Trio of events in Steamboat focus on homegrown food
October 6, 2010
Steamboat SpringsSteamboat Springs — Even if there isn’t an economic collapse, or even if the local grocery stores don’t run out of food, there are many reasons why a self-sustaining economy in Steamboat Springs is desirable, Transition Steamboat organizer Paul Potyen said. — Even if there isn't an economic collapse, or even if the local grocery stores don't run out of food, there are many reasons why a self-sustaining economy in Steamboat Springs is desirable, Transition Steamboat organizer Paul Potyen said.
Steamboat Springs — Even if there isn't an economic collapse, or even if the local grocery stores don't run out of food, there are many reasons why a self-sustaining economy in Steamboat Springs is desirable, Transition Steamboat organizer Paul Potyen said.
The group, along with Deep Roots, will host a series of events at the end of the week to promote economic and ecologically sustainable cultures in Steamboat.
The goal is to "figure out how we can design our future, sort of how we can modify our behavior and the way we live our lives so we are a more resilient local economy," Potyen said.
Eventually, Potyen would like the Transition Steamboat group — part of a worldwide, United Kingdom-based Transition Network — to develop teams to come up with sustainable ideas for transportation, energy and economy.
But first, this weekend, the group will focus on food production in the mountains.
"In particular this weekend, we're talking about food and how we can grow local food in this kind of climate," he said.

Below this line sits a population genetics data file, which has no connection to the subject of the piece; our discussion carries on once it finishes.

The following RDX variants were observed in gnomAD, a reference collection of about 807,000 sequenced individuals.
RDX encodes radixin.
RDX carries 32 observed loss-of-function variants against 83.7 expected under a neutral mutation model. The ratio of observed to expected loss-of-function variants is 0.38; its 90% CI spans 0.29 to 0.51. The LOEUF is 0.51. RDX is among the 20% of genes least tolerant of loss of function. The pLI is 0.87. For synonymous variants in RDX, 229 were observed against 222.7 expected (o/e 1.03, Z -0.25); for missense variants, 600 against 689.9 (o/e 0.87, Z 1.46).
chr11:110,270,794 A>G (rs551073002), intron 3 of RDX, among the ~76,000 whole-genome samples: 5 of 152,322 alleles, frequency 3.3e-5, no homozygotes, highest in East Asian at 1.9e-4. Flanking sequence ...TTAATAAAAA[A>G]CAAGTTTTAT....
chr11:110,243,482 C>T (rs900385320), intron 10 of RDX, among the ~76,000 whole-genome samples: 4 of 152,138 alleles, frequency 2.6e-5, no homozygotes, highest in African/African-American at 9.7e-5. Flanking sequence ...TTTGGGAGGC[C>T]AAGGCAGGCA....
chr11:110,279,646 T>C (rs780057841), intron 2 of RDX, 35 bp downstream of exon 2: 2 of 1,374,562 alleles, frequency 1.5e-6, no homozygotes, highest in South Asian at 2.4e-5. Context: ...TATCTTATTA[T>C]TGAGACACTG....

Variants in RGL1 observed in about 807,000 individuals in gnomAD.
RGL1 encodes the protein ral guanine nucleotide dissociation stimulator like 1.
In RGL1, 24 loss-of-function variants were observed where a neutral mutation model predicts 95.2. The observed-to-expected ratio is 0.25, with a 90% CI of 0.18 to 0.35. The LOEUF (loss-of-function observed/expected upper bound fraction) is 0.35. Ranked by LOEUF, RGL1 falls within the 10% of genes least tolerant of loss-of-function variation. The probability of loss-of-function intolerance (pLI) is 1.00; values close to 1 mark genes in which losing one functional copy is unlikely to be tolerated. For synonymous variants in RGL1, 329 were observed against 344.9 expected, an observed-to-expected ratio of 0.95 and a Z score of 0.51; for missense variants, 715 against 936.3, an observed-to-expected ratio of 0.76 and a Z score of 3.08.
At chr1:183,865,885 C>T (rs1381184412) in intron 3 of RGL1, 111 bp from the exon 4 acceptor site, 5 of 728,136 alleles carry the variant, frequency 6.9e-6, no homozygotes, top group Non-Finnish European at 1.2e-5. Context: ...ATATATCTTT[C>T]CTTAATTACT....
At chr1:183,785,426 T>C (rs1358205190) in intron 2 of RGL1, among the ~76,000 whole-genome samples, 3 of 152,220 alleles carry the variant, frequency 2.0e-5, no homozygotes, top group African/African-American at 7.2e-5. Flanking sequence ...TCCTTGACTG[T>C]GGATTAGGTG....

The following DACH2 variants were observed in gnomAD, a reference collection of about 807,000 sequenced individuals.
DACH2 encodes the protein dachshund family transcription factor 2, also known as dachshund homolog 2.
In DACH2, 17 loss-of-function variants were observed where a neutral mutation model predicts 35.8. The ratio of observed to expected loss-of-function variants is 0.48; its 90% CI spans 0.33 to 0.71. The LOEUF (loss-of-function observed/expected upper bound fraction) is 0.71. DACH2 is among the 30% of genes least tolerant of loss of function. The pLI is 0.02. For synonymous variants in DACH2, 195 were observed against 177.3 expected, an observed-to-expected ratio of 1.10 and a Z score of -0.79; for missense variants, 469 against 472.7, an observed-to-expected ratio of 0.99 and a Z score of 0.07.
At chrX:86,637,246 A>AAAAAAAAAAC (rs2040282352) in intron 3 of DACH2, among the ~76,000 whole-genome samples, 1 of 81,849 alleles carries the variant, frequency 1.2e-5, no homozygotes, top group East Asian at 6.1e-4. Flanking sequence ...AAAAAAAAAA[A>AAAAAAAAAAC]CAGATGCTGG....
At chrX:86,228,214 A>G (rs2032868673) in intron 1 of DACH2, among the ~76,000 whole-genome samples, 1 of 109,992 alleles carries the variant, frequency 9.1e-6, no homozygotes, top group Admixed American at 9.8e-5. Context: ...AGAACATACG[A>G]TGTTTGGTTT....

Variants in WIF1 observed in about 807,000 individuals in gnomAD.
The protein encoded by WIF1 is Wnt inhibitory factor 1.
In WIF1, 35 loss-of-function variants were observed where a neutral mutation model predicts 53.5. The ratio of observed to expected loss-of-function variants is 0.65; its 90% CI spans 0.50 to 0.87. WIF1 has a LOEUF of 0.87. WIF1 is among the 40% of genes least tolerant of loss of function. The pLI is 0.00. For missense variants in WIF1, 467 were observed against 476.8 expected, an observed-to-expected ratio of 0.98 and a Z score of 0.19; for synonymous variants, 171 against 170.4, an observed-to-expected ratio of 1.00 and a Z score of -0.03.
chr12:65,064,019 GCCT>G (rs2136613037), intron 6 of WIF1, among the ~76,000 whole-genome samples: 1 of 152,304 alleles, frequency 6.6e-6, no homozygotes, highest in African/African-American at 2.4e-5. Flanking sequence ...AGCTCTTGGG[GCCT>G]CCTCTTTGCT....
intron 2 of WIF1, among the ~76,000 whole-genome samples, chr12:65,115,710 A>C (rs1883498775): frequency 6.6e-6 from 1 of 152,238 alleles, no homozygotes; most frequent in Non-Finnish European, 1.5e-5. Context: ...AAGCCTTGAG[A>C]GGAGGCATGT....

Yes, there are long winters and yes, the growing season is short, but Potyen said he hopes a walking tour of five successful, sustainable downtown gardens will encourage people to try it themselves.
"If we can make ourselves more independent locally on food, then we don't have to worry about if City Market runs out of food because there's either a blizzard or an economic collapse or who knows what," he said. "Even if none of those scenarios come to be, I think it's still a good idea."
He said the Transition group isn't focusing on the what-ifs, or a bleak future, but on the importance of sustainability.
In a talk on Saturday, Denver-based aquaponics expert JD Sawyer will teach the audience how to use an aquaponics system to grow vegetables and herbs. Aquaponics is a system that grows aquatic animals –— usually fish — alongside the greens. The waste from the animals is used to nourish the plants, and the plants in turn provide some nutrients to the fish.
Potyen said he hopes the events will pique the interest of people and encourage them to join the local group's Thursday lunch meetings at Bamboo Market and use some of the methods in their own lives.
"I think they can find out some surprising things about people who are actually doing this," he said.